Click Here to Access Free Tool
Speak Up Against Bullying
The Stop Bullying Comic Challenge activities on the Bitstrips for Schools website give students creative and engaging ways to share their strategies for speaking up and putting a stop to bullying. In the Stop Cyberbullying II activity, students play the role of a cyberbully and show how they would respond if confronted about their behavior. In the Stop Cell Phone Bullying activity, students show what they would do if a friend asked them to help spread mobile phone photos of another student. And in the Stop Bullying at School activity, students demonstrate how they would help solve a bullying situation they witness in the school hallway. Other activities include Stop Physical Bullying, Stop Verbal Bullying and Stop Schoolyard Bullying.
Click Here to Access Free Activities
Develop Future Work Skills
Research by the Institute for the Future summarized in a report entitled Future Work Skills 2020 shows that preparing for a specific career area based on content is difficult, and instead people should be developing certain broad skills. These same skills are important for students to learn. The report explains each of the skills in detail and goes into the implications for education and policies. The 10 skills are (1) sense making (ability to determine the deeper meaning or significance of what is being expressed); (2) social intelligence (ability to connect to others in a deep and direct way, to sense and stimulate reactions and desired interactions; (3) novel and adaptive thinking (proficiency at thinking and coming up with solutions and responses beyond that which is rote or rule-based); (4) cross-cultural competency (ability to operate in different cultural settings; (5) computational thinking (ability to translate vast amounts of data into abstract concepts and to understand data-based reasoning; (6) new-media literacy (ability to critically assess and develop content that uses new media forms and to leverage these media for persuasive communication); (7) transdisciplinarity (literacy in and ability to understand concepts across multiple disciplines); (8) design mind-set (ability to represent and develop tasks and work processes for desired outcomes); (9) cognitive load management (ability to discriminate and filter information for importance and to understand how to maximize cognitive functioning using a variety of tools and techniques); and (10) virtual collaboration (ability to work productively, drive engagement and demonstrate presence as a member of a virtual team).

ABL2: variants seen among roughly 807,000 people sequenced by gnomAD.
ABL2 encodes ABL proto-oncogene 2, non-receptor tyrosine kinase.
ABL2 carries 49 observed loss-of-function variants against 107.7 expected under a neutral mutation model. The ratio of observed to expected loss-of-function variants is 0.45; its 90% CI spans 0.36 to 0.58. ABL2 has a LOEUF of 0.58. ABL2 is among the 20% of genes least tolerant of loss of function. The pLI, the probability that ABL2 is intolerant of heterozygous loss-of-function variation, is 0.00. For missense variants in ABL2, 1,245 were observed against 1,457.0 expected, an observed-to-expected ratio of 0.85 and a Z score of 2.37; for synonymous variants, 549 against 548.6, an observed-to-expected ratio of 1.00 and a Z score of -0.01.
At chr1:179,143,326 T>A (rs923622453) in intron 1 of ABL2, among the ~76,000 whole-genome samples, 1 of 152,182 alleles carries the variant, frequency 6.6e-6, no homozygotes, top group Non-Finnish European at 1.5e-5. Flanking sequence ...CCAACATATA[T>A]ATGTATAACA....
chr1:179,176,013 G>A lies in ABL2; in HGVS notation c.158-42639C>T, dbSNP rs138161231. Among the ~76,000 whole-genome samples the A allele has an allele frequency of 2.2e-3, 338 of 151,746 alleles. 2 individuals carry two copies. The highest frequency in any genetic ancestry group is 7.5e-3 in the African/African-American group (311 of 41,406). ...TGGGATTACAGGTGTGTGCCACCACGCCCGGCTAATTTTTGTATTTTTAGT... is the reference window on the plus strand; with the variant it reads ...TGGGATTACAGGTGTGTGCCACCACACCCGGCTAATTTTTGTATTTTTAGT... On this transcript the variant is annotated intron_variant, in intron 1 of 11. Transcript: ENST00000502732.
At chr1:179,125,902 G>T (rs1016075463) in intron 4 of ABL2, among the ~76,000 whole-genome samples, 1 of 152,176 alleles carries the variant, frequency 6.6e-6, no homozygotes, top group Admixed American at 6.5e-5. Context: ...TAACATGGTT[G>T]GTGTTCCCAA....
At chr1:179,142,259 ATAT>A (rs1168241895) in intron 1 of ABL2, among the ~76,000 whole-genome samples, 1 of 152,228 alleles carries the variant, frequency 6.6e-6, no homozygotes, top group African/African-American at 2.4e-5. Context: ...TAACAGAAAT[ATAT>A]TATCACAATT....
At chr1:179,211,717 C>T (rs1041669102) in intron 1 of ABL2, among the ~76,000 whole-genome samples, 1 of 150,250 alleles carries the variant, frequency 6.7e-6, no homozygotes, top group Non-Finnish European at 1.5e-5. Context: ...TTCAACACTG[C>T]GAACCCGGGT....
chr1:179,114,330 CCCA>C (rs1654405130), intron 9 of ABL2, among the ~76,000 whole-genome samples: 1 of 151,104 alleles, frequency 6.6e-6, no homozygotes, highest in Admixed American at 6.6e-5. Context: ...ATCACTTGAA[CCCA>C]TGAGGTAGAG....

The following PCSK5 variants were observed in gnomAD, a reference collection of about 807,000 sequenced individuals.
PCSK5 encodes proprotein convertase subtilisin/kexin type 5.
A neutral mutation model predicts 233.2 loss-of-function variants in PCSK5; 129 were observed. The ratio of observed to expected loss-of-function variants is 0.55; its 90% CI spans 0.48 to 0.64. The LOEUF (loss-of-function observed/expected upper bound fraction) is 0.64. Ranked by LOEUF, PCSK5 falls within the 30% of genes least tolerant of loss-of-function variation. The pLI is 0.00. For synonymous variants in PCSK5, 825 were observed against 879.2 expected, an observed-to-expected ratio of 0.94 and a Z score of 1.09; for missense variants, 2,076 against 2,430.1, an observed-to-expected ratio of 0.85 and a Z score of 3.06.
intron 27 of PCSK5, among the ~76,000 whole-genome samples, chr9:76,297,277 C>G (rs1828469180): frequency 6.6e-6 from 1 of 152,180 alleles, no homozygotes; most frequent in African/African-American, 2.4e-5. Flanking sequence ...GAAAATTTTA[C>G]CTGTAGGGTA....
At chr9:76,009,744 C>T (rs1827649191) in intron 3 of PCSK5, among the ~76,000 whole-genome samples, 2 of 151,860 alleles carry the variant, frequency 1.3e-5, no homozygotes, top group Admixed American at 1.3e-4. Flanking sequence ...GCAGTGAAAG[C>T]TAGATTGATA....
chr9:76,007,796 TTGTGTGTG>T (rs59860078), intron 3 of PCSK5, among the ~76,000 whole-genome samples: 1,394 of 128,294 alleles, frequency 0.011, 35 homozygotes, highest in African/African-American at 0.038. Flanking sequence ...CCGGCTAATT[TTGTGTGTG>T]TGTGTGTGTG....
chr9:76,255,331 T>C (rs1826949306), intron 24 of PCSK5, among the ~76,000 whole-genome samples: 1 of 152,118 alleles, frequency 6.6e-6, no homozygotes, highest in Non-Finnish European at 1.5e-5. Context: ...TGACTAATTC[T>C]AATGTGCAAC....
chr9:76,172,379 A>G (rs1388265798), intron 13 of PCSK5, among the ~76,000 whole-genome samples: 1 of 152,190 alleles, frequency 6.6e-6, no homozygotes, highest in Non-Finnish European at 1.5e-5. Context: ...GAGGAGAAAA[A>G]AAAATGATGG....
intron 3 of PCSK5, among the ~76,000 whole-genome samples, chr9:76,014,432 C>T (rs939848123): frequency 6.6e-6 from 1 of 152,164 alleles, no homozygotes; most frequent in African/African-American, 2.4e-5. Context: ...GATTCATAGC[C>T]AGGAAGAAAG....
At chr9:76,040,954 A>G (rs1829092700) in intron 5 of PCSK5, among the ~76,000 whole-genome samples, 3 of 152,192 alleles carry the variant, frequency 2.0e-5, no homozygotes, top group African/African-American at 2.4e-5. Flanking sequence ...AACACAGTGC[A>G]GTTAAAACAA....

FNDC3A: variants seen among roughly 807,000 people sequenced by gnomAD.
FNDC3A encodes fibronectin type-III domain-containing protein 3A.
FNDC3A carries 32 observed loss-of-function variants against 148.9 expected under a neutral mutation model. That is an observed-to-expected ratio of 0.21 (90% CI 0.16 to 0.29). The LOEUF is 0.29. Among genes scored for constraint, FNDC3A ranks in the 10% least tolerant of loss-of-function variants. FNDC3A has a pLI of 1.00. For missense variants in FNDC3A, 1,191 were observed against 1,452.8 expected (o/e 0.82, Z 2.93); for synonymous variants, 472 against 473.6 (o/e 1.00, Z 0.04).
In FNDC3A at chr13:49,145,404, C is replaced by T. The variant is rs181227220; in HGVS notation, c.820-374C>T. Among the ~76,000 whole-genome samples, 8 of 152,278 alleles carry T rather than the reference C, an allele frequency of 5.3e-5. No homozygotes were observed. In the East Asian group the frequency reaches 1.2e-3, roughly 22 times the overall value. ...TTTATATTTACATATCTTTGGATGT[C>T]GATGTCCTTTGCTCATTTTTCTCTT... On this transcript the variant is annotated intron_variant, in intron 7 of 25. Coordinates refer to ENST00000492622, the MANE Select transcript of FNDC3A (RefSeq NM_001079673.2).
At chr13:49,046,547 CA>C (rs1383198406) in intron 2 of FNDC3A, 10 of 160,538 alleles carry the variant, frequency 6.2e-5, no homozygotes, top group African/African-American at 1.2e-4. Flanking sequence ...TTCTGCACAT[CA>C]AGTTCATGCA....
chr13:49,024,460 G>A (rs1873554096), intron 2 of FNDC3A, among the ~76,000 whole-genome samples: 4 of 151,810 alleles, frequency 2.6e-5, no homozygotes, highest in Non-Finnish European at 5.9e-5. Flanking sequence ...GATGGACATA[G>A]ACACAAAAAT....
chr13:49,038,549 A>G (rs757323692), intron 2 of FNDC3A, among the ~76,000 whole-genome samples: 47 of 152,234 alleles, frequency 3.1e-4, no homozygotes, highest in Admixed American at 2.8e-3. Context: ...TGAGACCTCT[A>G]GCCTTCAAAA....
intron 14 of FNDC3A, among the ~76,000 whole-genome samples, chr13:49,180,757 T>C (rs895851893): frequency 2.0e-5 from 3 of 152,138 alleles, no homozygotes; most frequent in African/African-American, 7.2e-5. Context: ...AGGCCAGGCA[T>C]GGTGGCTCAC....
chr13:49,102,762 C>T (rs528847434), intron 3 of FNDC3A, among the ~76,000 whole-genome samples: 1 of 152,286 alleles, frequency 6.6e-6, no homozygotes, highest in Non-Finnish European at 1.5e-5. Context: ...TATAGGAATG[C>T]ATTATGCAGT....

Click Here to Download Free Report and Summary Map
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Mobile Learning on the Move

Get Answers to Questions About On-the-Go Learning
If you have some questions about mobile devices, apps and their use in the classroom, check out iPad in Education, a wiki constructed by three educators from Palm Beach County, Florida schools to help people answer those questions and more. On the iPad in Education wiki, you’ll find a chart comparing the iPad to desktop and laptop options. The chart breaks down the costs and capabilities of each scenario. You’ll also find several iPad apps appropriate for elementary, middle and high school students. And if you need help just learning to use an iPad, the wiki lists several tutorial videos and other tutorial materials.
Click Here to Visit Website
Explore NASA on a Mobile Device